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Review: We Are Little Zombies (2019)

Yes, I know, I’m reviewing a film about a bunch of orphans who form a J Pop band. But the plot of Makoto Nagahisa’s We Are Little Zombies was so off the wall and offered so much potential for jet black humour, I had to check it out. And did I mention the 8 bit Nintendo style graphics?

Four thirteen-year-olds, Hikari (Keita Ninomiya), Ikuko (Sena Nakajima), Ishi (Satoshi Mizuno) and Takemura (Mondo Okumura) meet in a most unusual manner. They’re all at the crematorium to say a final goodbye to their parents. But even as their parents are being turned into dust “like fine Parmesan atop a plate of spaghetti Bolognese”, none of them can show any emotion.

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The quartet do what any bunch of kids would do in this situation, they run off and form a band. Since they don’t emotion, they naturally call it “Little Zombies”. But what happens when success and fame don’t bring the results they expected?

While there is no denying the amazing visuals and style of We Are Little Zombies, the script can’t match up to it. We spend about an hour learning the kids’ backstories and how they came to be at the crematorium. And why they feel nothing at their loss. It’s meant to be serious, despite being shot and edited like the Nintendo handheld Hikari carries.

But it never gets much deeper than kids with shitty relationships with their parents have a good chance of growing up with issues. And that funerals aren’t much fun. That’s basically all we get out of the first 60 of We Are Little Zombies 120 minutes.

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From there, it finally pivots into the promised band film. We Are Little Zombies does do a fairly good job of subverting the standard rise and fall narrative. There are enough oddities and twists thrown in to keep the viewer off-balance. And there’s much less of a disconnect between the visuals and the material.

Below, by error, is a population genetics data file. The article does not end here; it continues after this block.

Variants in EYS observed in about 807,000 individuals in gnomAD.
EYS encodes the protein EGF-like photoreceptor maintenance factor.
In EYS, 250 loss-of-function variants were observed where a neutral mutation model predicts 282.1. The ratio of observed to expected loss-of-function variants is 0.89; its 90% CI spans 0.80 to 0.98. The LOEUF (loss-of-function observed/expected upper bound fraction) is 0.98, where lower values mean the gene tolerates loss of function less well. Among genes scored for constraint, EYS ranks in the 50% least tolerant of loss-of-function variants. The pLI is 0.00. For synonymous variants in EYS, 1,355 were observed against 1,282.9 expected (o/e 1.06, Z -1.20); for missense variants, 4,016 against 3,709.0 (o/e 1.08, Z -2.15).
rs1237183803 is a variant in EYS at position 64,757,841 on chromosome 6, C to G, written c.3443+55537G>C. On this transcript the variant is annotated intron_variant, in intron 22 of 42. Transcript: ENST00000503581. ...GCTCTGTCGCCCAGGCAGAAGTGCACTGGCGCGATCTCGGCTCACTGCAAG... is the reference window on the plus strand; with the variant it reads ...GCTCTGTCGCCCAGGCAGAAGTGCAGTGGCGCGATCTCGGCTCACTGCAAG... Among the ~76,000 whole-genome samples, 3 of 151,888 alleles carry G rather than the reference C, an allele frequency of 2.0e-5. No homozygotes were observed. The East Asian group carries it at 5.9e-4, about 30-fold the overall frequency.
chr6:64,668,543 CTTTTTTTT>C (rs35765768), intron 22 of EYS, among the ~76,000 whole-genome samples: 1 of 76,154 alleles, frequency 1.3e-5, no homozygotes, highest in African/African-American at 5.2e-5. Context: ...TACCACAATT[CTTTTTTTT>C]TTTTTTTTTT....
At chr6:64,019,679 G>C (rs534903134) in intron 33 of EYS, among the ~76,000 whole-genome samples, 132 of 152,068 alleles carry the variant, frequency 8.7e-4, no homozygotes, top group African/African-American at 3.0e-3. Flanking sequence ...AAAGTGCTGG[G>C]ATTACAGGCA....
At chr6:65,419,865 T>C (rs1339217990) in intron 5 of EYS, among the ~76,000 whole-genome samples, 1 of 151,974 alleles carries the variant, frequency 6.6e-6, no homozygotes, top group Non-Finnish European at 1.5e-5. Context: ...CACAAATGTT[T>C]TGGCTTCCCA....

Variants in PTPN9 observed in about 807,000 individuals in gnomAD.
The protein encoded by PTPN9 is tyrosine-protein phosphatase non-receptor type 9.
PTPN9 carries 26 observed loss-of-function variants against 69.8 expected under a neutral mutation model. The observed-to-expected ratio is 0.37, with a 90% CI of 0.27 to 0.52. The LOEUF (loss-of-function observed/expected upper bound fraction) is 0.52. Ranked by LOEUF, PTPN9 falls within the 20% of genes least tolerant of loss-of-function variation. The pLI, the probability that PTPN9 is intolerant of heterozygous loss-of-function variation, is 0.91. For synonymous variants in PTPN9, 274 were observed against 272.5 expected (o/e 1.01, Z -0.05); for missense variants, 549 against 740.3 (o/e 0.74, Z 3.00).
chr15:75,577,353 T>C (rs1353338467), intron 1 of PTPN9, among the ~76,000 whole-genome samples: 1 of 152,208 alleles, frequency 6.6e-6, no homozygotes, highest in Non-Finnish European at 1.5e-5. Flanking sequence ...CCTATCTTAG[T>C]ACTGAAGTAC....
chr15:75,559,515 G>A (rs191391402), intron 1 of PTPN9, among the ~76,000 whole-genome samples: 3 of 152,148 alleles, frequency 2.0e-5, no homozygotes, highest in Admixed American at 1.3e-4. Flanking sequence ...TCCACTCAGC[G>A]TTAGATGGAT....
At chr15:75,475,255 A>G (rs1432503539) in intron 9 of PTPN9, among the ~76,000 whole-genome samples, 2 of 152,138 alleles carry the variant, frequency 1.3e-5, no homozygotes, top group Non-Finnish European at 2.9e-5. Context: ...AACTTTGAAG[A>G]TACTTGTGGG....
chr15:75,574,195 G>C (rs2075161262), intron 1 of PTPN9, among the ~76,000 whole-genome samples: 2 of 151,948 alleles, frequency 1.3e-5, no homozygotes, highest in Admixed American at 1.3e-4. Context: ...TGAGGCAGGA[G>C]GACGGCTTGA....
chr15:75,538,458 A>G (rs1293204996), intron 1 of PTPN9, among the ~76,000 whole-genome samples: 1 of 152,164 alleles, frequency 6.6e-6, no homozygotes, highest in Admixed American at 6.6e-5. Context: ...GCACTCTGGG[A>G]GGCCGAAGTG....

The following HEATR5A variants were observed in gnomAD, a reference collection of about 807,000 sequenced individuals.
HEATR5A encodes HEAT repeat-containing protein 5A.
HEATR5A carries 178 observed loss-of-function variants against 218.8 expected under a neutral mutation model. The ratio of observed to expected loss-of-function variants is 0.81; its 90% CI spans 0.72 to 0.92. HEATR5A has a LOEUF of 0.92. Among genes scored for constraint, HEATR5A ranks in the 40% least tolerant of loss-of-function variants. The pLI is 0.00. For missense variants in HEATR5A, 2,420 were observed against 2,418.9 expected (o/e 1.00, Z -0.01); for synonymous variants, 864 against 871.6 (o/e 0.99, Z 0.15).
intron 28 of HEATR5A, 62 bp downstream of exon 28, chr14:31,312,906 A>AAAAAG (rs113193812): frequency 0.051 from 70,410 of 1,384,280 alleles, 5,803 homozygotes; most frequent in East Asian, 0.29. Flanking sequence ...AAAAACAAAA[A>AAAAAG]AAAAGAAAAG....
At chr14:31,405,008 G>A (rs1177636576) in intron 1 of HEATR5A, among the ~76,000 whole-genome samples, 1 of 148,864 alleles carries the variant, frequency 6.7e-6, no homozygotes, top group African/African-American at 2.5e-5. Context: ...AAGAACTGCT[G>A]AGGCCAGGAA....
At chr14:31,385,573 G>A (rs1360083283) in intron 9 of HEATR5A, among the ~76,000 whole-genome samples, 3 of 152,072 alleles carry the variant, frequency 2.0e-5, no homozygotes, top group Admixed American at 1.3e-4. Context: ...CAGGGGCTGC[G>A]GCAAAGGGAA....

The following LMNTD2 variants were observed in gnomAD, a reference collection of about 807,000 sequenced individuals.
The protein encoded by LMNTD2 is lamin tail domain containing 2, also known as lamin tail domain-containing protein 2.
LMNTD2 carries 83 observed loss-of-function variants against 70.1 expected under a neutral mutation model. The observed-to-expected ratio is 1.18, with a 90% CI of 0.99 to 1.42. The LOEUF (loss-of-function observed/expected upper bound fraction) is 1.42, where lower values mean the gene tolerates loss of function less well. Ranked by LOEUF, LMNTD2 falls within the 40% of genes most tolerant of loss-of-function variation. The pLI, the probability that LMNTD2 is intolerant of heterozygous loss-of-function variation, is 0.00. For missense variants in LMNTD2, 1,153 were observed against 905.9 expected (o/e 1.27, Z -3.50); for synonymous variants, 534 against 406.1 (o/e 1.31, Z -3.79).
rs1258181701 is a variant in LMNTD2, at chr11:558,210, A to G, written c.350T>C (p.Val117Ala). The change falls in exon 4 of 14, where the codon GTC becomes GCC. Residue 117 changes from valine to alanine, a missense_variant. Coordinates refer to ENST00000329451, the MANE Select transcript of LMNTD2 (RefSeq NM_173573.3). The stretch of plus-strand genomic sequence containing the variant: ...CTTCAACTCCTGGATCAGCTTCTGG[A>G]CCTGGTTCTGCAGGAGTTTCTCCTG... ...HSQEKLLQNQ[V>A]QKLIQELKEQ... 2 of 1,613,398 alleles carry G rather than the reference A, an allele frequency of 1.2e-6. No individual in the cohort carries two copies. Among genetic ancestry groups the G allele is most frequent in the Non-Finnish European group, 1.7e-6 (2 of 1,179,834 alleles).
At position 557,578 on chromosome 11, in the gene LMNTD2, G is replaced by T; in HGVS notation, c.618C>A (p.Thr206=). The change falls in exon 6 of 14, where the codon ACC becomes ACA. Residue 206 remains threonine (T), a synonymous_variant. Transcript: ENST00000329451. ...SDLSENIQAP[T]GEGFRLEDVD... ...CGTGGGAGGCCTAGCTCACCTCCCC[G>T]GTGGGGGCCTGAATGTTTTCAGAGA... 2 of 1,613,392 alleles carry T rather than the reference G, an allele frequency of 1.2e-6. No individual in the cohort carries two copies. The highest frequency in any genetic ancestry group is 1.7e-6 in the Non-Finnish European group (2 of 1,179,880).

But, just like zombies are an imitation of living beings, We Are Little Zombies feels like an imitation of an important film. It wants to say deep, meaningful things while creating its own style. Instead, it looks great but is empty. It did make me think of the films of Francis Ford Coppola, specifically One from the Heart.

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Where Coppola went incredibly high-tech to create his film, Nagahisa goes retro low tech. Overhead shots of the kids walking single file like characters in a game. 8-bit music in a film broken up into game like chapters. Complete with titles and images taken from old Nintendo games. The result though is the same, Both are beautiful to look at. Both have music that will be a matter of taste. And both are films about emotion that are empty inside.

A word of warning. The “Game Over” and credits at the hour and forty-seven minute mark isn’t the end. There’s still another ten minutes or so to go before the real ending.

We Are Little Zombies will be released to theatres and VOD on July 10th from Oscilloscope Laboratories. You can get a list of theatres on the film’s website.

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